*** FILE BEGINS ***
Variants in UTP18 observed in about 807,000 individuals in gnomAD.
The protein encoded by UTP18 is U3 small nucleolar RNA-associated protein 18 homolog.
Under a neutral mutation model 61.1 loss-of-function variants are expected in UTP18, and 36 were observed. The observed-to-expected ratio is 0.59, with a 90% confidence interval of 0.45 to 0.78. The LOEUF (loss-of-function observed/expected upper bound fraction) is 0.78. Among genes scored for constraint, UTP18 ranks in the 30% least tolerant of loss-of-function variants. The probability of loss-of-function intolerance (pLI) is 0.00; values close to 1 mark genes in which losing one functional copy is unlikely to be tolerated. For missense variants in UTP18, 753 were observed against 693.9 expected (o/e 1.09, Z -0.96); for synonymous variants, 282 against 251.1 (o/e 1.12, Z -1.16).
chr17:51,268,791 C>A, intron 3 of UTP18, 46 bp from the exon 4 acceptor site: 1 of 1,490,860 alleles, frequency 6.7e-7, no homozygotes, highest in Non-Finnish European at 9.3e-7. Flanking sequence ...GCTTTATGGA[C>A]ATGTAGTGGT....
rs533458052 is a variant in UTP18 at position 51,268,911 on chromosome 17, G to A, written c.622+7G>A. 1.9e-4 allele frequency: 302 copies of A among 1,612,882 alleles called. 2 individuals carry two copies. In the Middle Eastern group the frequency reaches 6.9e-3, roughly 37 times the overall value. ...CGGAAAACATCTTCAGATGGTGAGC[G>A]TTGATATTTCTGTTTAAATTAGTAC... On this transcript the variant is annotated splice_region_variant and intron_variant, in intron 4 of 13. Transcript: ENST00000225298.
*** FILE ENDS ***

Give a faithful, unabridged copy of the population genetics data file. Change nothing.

Variants in UTP18 observed in about 807,000 individuals in gnomAD.
The protein encoded by UTP18 is U3 small nucleolar RNA-associated protein 18 homolog.
Under a neutral mutation model 61.1 loss-of-function variants are expected in UTP18, and 36 were observed. The observed-to-expected ratio is 0.59, with a 90% confidence interval of 0.45 to 0.78. The LOEUF (loss-of-function observed/expected upper bound fraction) is 0.78. Among genes scored for constraint, UTP18 ranks in the 30% least tolerant of loss-of-function variants. The probability of loss-of-function intolerance (pLI) is 0.00; values close to 1 mark genes in which losing one functional copy is unlikely to be tolerated. For missense variants in UTP18, 753 were observed against 693.9 expected (o/e 1.09, Z -0.96); for synonymous variants, 282 against 251.1 (o/e 1.12, Z -1.16).
chr17:51,268,791 C>A, intron 3 of UTP18, 46 bp from the exon 4 acceptor site: 1 of 1,490,860 alleles, frequency 6.7e-7, no homozygotes, highest in Non-Finnish European at 9.3e-7. Flanking sequence ...GCTTTATGGA[C>A]ATGTAGTGGT....
rs533458052 is a variant in UTP18 at position 51,268,911 on chromosome 17, G to A, written c.622+7G>A. 1.9e-4 allele frequency: 302 copies of A among 1,612,882 alleles called. 2 individuals carry two copies. In the Middle Eastern group the frequency reaches 6.9e-3, roughly 37 times the overall value. ...CGGAAAACATCTTCAGATGGTGAGC[G>A]TTGATATTTCTGTTTAAATTAGTAC... On this transcript the variant is annotated splice_region_variant and intron_variant, in intron 4 of 13. Transcript: ENST00000225298.